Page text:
"Conversely, just as provisions concerning control need not be specifically set forth in a license agreement, it is not sufficient merely to provide for control in a written agreement." (50 TMR 109) Control then consists not in mere formal elements such as a written agreement once written, filed away to be forgotten, or a 'gentlemen's understanding' (though these may well be legitimate concomitants of a well designed and administered program of supervision and control), but consists in the active involvement of the licensor in a number of ways to insure that the marks are indeed properly used.
"There are probably as many different methods for exercising control as there are licensors." (50 TMR 132)
"There is no magic formula to determine what is adequate control in a given situation, and there probably never will be any such formula." (50 TMR 132)
(We are assured by our attorneys that the above use of quotations is permissible under the current copyright law.) In satisfying this requirement of control, on advice of counsel, URANTIA Foundation has taken a two-fold approach -- one part of which has been the formulation of a Confirmatory Agreement for existing Societies (the same identical agreement for each and every Society) the purposes of which, among others, were and are:
1. To formalize the licensing arrangement with each Society which would show among other things the Foundation's active interest and participation in the husbanding of the registered marks. 2. To specify with care the proper and authorized uses of the registered marks to avoid a mere naked license situation which could lead to rendering the registered marks invalid. 3. Once and for all clearly to state what is expected of each Society so that there will be a minimum of misunderstanding as to each Society's rights and duties as a licensee. 4. To show (for court purposes and otherwise) an unbroken supervision of the uses of the marks during the existence of each Society, from its installation to the date of the signing of the agreement. As the second part of the two-fold approach, the Foundation has tried to meet this burden of "control" by promulgating suggested guidelines for the conduct of URANTIA meetings, which are, of course, still in the process of being finalized. Further, as an example of their active supervision of the use of the marks, you of course will recall that certain Trustees, with the Foundation's attorneys, met with representatives of your Oklahoma Society specifically to come to an agreement with the Oklahoma Society for the use of the marks in connection with the 1976 URANTIA International Forum this past summer. The Trustees have also -- both personally and through their representatives-- actively sought in a number of other instances to insure the proper use of the marks.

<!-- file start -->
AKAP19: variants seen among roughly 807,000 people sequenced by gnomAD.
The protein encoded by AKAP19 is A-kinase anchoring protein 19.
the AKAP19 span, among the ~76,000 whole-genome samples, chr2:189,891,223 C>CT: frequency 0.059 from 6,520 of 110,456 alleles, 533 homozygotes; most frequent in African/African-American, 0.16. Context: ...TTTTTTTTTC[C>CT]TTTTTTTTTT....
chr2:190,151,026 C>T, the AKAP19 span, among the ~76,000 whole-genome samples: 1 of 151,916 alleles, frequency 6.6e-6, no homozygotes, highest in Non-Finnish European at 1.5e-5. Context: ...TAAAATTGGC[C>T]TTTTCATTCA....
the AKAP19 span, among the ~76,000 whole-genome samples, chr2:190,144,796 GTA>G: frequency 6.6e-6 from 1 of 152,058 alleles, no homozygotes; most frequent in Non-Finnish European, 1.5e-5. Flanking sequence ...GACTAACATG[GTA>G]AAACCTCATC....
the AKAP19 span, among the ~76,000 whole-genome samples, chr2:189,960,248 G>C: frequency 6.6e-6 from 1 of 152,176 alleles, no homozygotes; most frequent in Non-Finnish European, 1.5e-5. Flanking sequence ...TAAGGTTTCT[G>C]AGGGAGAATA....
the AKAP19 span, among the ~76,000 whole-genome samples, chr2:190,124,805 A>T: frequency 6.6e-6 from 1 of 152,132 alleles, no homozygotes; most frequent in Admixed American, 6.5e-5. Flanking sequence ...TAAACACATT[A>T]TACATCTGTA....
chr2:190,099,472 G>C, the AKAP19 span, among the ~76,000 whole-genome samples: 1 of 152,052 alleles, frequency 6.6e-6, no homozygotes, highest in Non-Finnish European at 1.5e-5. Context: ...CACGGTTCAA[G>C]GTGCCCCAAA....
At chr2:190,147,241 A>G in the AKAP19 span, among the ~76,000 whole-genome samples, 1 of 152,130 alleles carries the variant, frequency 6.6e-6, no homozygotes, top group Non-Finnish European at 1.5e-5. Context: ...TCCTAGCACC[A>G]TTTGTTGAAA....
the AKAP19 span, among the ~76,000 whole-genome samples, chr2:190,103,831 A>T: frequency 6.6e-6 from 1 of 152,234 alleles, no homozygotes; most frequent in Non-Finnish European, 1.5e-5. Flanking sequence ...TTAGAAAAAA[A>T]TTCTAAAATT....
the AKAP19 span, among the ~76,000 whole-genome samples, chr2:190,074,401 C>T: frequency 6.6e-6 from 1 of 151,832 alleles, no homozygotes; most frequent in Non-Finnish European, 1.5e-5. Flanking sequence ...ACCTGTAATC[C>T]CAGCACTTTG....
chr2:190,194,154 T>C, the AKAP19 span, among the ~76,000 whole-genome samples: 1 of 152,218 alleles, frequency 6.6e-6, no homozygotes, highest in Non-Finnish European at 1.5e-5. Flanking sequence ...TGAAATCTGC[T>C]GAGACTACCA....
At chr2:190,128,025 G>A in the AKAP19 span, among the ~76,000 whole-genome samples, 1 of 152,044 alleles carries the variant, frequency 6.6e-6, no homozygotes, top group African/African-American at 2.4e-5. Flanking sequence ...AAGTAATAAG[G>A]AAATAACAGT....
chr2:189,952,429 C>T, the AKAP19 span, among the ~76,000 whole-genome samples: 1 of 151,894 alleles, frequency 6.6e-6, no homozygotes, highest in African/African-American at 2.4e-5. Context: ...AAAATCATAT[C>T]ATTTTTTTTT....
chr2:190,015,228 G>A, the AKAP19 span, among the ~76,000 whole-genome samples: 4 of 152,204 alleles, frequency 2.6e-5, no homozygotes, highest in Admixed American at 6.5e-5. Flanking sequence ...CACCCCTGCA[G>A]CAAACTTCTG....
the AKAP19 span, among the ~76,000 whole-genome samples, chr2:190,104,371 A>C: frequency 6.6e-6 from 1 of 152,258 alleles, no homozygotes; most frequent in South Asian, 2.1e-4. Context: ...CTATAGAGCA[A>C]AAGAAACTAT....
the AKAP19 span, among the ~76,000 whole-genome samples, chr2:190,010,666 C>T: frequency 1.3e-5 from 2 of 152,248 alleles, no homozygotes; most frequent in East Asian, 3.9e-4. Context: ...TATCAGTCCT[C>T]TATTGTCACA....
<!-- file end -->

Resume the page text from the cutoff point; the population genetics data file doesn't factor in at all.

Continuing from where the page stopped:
The Confirmatory Agreements are helpful in a number of respects: 1) They clearly establish the licensed relationship of each Society and their right to use the registered marks as specified, 2) They provide written evidence, readily admissible in court, in the stead of witnesses who might have to be flown a considerable distance and at some expense and inconvenience to testify, as to the Foundation's efforts to fulfill the requirements of the law regarding supervision of the use of the registered marks; 3) They avoid a mere naked license situation; and 4) they furnish each Society with full and open opportunity to know exactly what is involved in its status as a licensee.